Loved the article and am thankful for your steadfast commitment to the faith and the strengthening of others. I’ve actually spent hard earned cashola on books you have reviewed. Think not that you are whispering in the wind.

    Matthew Vine’s position concerning the fruit of the root [sic] is sad. The fruit looks good. Surely the tree is good. After all Jesus said that’s how things work. That just sounds like the lyrics from an old song. I just can’t remember. Let’s see, a good fruit, a divine prohibition, an agent to put a spin on that prohibition, surely the fruit must be good. Now where have I heard that line of reasoning before? Wish I had gotten better grades in school. Oh well carry on and thanks for the review.

  4. David S.

    We have a copy of the book. Sitting around somewhere collecting dust, because my wife wanted to read it and I think never did. I think that I may have perused through it, but then realized that it was the same rubbish that was in the video of him that went viral a few years prior to publication of the book. I still find now as I do then that the theological and historical gymnastics that the fully-affirming, so-called Side A camp (horrid but convenient in a pinch terminology developed by GCN, now QCF) remains appalling. To the extent that LGBT individuals have been unfairly mistreated and misrepresented by the church (such as equating all homosexuals as child molesters in the wings or those who struggle with such temptations but live faithfully to the calling of God in their life as wholly unfit for ministry in any capacity), fair criticism indeed should be leveled and taken into consideration.

    BUT, while he talks a good talk, both in speaking engagements and presumably the book, to the undiscerning ear, upon closer analysis, it fails for the reasons you cite and more. The current debate within the PCA, for example, really amounts to the Reformed view versus the Roman Catholic view over concupiscence and this particular sin. I found that the view that Vines’ and his cohorts attempt to argue moves beyond Reformed versus Catholic, which is a legitimate in house debate for which time space does not permit rehashing. The view that they espouse is ultimately rejects the fact that we are in a post-lapsarian world, in which the entrance of sin tainted every core of man’s being. The refusal to acknowledge or accept this fact demonstrates the faulty basis on which the arguments of Vines and others like him are based. Refusal to acknowledge that the Fall tainted all of Creation ultimately means one has refused the authority of Scripture, which Vines says he doesn’t reject, but his arguments bear up otherwise. Also, an aside, the general argument of, “Well, they didn’t understand as we do now…”, I have found to be generally elitist snobbery. Just because a term, i.e. homosexual, didn’t exist for say 5600+ years (to use the Jewish reckoning of time) doesn’t mean that a concepts was expressed in terms comparable to what we do today, nor does it mean that they merely considered it mere feminization of men, which is kind of ironic, given the whole gender debate.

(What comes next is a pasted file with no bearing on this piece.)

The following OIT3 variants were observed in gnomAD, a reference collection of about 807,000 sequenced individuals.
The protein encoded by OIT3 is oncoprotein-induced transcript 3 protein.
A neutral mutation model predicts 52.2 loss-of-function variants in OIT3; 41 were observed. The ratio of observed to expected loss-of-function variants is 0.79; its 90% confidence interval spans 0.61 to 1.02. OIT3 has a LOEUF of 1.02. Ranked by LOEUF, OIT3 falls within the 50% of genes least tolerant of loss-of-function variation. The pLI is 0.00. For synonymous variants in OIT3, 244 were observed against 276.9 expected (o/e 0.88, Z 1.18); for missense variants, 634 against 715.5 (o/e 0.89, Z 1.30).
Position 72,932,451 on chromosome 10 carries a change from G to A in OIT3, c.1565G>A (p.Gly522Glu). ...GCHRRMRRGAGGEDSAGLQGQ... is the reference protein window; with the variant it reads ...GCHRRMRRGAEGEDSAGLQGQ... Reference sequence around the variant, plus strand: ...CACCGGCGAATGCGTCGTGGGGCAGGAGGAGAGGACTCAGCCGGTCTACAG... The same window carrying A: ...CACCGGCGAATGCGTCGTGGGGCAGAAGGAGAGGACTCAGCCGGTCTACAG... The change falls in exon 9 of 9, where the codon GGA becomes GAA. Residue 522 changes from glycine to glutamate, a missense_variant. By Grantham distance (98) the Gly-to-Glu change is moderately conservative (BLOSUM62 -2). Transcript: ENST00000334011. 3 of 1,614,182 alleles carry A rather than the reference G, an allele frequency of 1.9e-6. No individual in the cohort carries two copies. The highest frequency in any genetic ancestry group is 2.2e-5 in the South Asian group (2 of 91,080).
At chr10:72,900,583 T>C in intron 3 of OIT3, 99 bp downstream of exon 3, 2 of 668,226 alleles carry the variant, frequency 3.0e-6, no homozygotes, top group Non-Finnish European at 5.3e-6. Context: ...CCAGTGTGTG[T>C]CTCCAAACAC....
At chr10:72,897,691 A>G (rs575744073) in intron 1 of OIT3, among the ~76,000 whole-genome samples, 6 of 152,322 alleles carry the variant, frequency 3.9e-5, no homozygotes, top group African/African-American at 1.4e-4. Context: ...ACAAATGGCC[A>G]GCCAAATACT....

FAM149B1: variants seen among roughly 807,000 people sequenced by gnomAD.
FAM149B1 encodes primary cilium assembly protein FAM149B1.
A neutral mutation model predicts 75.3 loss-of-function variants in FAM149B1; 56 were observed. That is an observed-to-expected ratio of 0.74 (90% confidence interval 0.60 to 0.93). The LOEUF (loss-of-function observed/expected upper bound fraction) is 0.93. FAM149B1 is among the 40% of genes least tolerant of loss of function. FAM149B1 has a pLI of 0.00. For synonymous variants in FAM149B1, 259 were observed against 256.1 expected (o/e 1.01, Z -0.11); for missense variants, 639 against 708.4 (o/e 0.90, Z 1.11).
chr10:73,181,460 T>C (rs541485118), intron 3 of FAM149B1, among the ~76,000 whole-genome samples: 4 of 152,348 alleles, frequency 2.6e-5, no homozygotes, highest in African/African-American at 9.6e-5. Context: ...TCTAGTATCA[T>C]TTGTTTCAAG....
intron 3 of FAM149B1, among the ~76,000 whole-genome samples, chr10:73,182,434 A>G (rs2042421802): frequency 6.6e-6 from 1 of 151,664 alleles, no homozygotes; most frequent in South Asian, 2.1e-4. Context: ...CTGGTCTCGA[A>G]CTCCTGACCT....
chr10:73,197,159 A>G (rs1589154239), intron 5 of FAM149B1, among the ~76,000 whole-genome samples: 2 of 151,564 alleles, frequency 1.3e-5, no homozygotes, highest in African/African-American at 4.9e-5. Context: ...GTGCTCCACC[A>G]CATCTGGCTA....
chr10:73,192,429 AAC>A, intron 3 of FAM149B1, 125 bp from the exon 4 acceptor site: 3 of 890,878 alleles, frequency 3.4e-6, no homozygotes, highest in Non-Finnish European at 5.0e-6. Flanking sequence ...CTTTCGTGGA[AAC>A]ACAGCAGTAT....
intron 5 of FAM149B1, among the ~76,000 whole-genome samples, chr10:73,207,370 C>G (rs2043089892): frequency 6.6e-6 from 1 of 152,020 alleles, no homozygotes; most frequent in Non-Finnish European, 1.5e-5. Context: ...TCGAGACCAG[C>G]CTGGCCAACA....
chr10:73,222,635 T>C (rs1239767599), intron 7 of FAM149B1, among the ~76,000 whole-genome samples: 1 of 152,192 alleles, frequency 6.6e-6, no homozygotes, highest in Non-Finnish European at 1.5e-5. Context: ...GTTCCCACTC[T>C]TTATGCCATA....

5. Jennifer Eason

    Thank you for reviewing this book which I will likely never find time to read. I really appreciate your providing an overview of this very popular work and for giving a foothold in the arguments which are made.

  6. Donald Hunt, M.D.

    My views on the Celibate Gay Christian issue are in line with someone infinitely more knowledgeable than I.
    Dr. Rosaria Butterfield opines that “gay Christianity” is an apostate kind of Christianity….no such thing
    ontologically as a gay Christian because we are image bearers of a Holy God.